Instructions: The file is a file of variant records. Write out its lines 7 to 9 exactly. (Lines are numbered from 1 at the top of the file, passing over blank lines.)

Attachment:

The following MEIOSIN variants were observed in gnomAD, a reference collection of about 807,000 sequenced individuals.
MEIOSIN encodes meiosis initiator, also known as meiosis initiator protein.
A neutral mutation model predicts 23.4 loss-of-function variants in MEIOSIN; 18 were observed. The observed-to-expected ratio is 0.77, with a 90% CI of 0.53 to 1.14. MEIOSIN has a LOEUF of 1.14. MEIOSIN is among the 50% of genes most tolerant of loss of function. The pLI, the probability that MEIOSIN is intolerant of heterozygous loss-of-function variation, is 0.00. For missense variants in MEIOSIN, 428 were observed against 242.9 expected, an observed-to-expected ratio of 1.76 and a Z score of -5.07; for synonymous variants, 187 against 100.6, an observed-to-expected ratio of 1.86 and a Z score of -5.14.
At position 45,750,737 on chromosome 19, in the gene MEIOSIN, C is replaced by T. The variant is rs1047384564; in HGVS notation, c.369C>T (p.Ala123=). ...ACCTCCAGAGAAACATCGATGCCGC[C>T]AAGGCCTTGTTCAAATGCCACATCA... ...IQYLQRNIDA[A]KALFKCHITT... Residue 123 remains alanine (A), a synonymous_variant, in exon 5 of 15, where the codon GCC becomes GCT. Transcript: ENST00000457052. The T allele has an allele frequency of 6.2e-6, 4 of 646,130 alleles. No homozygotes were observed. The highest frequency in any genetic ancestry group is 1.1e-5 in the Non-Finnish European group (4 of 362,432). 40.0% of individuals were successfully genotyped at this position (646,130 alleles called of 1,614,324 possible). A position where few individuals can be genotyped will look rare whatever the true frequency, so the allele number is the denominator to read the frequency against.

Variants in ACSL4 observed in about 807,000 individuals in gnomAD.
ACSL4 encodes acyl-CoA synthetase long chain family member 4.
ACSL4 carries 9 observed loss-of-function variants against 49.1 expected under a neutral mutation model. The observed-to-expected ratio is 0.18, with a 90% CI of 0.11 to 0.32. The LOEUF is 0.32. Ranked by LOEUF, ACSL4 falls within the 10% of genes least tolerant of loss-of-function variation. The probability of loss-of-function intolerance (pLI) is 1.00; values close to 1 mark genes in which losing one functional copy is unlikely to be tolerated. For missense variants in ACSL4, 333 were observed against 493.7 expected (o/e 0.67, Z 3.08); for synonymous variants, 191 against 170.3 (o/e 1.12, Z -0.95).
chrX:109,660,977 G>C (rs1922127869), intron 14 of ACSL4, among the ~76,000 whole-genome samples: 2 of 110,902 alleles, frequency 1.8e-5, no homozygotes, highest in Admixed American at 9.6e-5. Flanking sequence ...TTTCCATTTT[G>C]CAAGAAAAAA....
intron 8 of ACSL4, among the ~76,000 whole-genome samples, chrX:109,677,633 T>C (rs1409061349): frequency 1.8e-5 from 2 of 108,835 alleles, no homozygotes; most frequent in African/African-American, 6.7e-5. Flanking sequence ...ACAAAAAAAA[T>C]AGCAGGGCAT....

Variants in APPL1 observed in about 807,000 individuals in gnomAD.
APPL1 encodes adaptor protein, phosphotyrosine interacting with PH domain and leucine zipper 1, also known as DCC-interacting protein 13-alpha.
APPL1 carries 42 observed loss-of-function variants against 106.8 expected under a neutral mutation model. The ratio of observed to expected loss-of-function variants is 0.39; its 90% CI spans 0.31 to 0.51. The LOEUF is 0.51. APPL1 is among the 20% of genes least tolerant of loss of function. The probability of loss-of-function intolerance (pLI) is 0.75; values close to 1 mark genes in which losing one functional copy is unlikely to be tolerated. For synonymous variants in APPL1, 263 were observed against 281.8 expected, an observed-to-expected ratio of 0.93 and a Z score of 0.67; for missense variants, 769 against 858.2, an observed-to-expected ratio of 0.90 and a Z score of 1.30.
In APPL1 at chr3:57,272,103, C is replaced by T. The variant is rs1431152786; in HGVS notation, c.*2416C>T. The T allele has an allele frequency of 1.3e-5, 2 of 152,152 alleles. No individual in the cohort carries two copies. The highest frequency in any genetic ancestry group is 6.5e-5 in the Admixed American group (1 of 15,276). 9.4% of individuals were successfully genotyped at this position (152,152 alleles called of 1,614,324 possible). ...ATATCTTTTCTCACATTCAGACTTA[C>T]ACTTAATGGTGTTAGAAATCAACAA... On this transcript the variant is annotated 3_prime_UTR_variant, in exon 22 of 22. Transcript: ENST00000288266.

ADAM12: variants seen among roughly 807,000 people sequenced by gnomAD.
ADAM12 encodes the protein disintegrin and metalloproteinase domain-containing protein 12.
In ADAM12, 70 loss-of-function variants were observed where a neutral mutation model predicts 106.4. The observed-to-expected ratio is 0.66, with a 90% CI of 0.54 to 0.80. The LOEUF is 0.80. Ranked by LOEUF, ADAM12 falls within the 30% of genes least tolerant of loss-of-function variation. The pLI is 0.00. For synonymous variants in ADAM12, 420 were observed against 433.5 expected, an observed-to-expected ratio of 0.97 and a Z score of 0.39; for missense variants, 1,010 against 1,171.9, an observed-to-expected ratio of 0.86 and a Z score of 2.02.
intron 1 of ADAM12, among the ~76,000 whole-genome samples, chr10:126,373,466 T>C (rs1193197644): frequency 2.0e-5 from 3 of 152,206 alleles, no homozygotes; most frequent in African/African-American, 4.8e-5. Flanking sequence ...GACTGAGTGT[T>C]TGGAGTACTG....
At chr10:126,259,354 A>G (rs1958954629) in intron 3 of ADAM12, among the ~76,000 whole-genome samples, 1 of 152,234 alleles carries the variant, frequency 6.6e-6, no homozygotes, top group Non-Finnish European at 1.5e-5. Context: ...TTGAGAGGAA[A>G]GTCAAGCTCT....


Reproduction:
ACSL4 carries 9 observed loss-of-function variants against 49.1 expected under a neutral mutation model. The observed-to-expected ratio is 0.18, with a 90% CI of 0.11 to 0.32. The LOEUF is 0.32. Ranked by LOEUF, ACSL4 falls within the 10% of genes least tolerant of loss-of-function variation. The probability of loss-of-function intolerance (pLI) is 1.00; values close to 1 mark genes in which losing one functional copy is unlikely to be tolerated. For missense variants in ACSL4, 333 were observed against 493.7 expected (o/e 0.67, Z 3.08); for synonymous variants, 191 against 170.3 (o/e 1.12, Z -0.95).
chrX:109,660,977 G>C (rs1922127869), intron 14 of ACSL4, among the ~76,000 whole-genome samples: 2 of 110,902 alleles, frequency 1.8e-5, no homozygotes, highest in Admixed American at 9.6e-5. Flanking sequence ...TTTCCATTTT[G>C]CAAGAAAAAA....
intron 8 of ACSL4, among the ~76,000 whole-genome samples, chrX:109,677,633 T>C (rs1409061349): frequency 1.8e-5 from 2 of 108,835 alleles, no homozygotes; most frequent in African/African-American, 6.7e-5. Flanking sequence ...ACAAAAAAAA[T>C]AGCAGGGCAT....